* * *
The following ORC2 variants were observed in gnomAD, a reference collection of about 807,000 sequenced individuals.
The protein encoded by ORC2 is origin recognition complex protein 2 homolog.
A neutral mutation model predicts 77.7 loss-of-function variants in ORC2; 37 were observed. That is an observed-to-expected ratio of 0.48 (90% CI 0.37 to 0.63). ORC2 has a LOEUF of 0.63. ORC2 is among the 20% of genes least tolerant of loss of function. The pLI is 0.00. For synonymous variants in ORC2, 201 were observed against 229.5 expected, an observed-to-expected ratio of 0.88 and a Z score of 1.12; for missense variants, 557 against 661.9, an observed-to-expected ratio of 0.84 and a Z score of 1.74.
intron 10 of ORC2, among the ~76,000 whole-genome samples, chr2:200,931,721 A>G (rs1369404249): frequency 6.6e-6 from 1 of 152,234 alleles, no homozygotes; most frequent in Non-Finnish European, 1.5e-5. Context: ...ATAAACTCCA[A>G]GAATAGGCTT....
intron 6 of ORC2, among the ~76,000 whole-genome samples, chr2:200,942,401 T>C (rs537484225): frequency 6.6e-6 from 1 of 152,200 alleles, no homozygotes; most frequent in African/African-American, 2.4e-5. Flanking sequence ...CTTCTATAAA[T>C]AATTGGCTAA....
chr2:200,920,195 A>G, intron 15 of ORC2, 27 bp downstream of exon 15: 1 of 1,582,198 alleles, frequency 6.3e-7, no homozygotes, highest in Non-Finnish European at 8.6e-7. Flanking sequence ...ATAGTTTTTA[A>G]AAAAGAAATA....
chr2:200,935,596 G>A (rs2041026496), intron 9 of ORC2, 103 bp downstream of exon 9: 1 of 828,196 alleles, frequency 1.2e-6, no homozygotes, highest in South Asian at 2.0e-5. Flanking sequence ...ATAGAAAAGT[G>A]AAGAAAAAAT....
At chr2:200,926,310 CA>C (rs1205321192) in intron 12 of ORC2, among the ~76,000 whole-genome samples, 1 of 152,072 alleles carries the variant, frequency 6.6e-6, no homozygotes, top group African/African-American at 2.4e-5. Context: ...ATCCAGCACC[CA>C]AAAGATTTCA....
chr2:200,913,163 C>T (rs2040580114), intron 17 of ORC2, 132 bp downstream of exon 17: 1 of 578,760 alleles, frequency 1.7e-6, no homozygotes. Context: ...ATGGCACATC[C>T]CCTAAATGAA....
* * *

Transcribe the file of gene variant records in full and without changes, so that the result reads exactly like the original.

The following ORC2 variants were observed in gnomAD, a reference collection of about 807,000 sequenced individuals.
The protein encoded by ORC2 is origin recognition complex protein 2 homolog.
A neutral mutation model predicts 77.7 loss-of-function variants in ORC2; 37 were observed. That is an observed-to-expected ratio of 0.48 (90% CI 0.37 to 0.63). ORC2 has a LOEUF of 0.63. ORC2 is among the 20% of genes least tolerant of loss of function. The pLI is 0.00. For synonymous variants in ORC2, 201 were observed against 229.5 expected, an observed-to-expected ratio of 0.88 and a Z score of 1.12; for missense variants, 557 against 661.9, an observed-to-expected ratio of 0.84 and a Z score of 1.74.
intron 10 of ORC2, among the ~76,000 whole-genome samples, chr2:200,931,721 A>G (rs1369404249): frequency 6.6e-6 from 1 of 152,234 alleles, no homozygotes; most frequent in Non-Finnish European, 1.5e-5. Context: ...ATAAACTCCA[A>G]GAATAGGCTT....
intron 6 of ORC2, among the ~76,000 whole-genome samples, chr2:200,942,401 T>C (rs537484225): frequency 6.6e-6 from 1 of 152,200 alleles, no homozygotes; most frequent in African/African-American, 2.4e-5. Flanking sequence ...CTTCTATAAA[T>C]AATTGGCTAA....
chr2:200,920,195 A>G, intron 15 of ORC2, 27 bp downstream of exon 15: 1 of 1,582,198 alleles, frequency 6.3e-7, no homozygotes, highest in Non-Finnish European at 8.6e-7. Flanking sequence ...ATAGTTTTTA[A>G]AAAAGAAATA....
chr2:200,935,596 G>A (rs2041026496), intron 9 of ORC2, 103 bp downstream of exon 9: 1 of 828,196 alleles, frequency 1.2e-6, no homozygotes, highest in South Asian at 2.0e-5. Flanking sequence ...ATAGAAAAGT[G>A]AAGAAAAAAT....
At chr2:200,926,310 CA>C (rs1205321192) in intron 12 of ORC2, among the ~76,000 whole-genome samples, 1 of 152,072 alleles carries the variant, frequency 6.6e-6, no homozygotes, top group African/African-American at 2.4e-5. Context: ...ATCCAGCACC[CA>C]AAAGATTTCA....
chr2:200,913,163 C>T (rs2040580114), intron 17 of ORC2, 132 bp downstream of exon 17: 1 of 578,760 alleles, frequency 1.7e-6, no homozygotes. Context: ...ATGGCACATC[C>T]CCTAAATGAA....